DWI case illustrates complicated jurisdiction issues

Editor’s note: This is the third in a series on law enforcement issues on the Navajo Nation.

WINDOW ROCK

When a drunk driver crossed the state line to the reservation, the question of jurisdiction became an issue. But it gets complicated when the sovereign immunity of a tribal member is violated by a police officer working with an outside law enforcement agency that does not have an agreement with a tribal government.

suspects lie face down on groupd, with police and dogs standing watch.

Navajo Times | Donovan Quintero
An undercover Navajo police officer with the Navajo Nation Police Drug and Gang Task Force calls in for back up while keeping three suspects detained during an operation against drug dealers in this Aug. 2012 photo in Upper Fruitland, New Mexico. Marijuana plants can be seen stuffed in a trash can.

The National Criminal Justice Association Center for Justice Planning states that an agreement between a tribe and an outside agency ”provides policy guidance for establishing and maintaining intergovernmental collaborative strategies in various areas to improve public safety.” While the Fourth Amendment defines a clear picture on a police’s investigative power – “Police officers stop a person for investigative purposes where … the officers have a reasonable and objective basis for suspecting that particular person is engaged in criminal activity” – but because the U.S. recognizes tribes’ inherent sovereignty, the power to investigate a crime in Indian Country can only be done by a tribal police officer or law enforcement officer who is commissioned by a tribe.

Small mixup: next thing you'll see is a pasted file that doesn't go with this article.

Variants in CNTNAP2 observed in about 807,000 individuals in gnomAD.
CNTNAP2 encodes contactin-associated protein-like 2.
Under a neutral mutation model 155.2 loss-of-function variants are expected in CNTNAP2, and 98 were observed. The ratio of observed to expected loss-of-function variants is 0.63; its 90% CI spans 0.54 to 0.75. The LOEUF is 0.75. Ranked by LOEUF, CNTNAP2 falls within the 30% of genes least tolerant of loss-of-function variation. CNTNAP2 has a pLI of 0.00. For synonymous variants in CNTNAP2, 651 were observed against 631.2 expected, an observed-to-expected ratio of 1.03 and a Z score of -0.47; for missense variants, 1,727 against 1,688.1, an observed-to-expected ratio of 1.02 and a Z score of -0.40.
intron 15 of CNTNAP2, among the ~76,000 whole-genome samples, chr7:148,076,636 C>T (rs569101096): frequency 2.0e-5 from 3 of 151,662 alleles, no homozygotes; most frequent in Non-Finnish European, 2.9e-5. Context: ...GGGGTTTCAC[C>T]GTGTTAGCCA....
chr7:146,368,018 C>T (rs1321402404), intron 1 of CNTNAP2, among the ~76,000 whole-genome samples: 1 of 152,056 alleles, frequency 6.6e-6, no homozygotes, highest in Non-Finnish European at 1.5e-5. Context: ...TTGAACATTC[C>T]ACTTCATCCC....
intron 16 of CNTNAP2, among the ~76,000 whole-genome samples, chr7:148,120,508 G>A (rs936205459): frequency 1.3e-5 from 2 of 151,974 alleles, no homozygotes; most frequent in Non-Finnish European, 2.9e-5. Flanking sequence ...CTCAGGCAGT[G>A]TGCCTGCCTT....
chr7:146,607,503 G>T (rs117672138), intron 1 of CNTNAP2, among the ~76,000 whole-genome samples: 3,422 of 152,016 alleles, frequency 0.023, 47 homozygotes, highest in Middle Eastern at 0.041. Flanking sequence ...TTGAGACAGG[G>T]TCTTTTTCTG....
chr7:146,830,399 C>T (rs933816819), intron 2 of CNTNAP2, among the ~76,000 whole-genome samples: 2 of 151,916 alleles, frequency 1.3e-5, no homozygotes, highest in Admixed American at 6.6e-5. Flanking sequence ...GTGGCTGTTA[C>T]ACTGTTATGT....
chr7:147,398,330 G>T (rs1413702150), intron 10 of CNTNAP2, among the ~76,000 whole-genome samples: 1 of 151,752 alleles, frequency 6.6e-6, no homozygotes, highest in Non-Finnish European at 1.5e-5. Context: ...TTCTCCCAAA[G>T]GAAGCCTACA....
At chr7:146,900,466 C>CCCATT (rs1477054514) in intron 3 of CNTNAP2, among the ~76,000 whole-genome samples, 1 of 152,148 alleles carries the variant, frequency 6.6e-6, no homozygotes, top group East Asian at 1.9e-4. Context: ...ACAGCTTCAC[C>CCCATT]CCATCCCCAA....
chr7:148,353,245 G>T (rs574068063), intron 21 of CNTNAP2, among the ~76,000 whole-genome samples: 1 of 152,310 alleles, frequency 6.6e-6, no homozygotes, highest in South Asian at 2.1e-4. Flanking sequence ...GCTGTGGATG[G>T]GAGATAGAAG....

Phillip Francisco, chief of the Navajo Nation Police, showed the Navajo Times a binder filled with outdated and current agreements with law enforcement agencies that surround the reservation.

One of those agencies, the San Juan County Sheriff’s Office in Aztec, has an MOU, which gives undercover deputies with the Four Corners Safety Streets Violent Gang Task Force authority to assist in drug- and gang-related work on the reservation. San Juan County – not the sheriff’s office – is also listed, as having a mutual aid agreement that says both would provide police officers to man a substation. But neither of the agreements says the sheriff’s office would provide for the orderly, efficient, and effective enforcement of the criminal and traffic laws of the Navajo Nation.


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Categories: News
Tags: dwi, police

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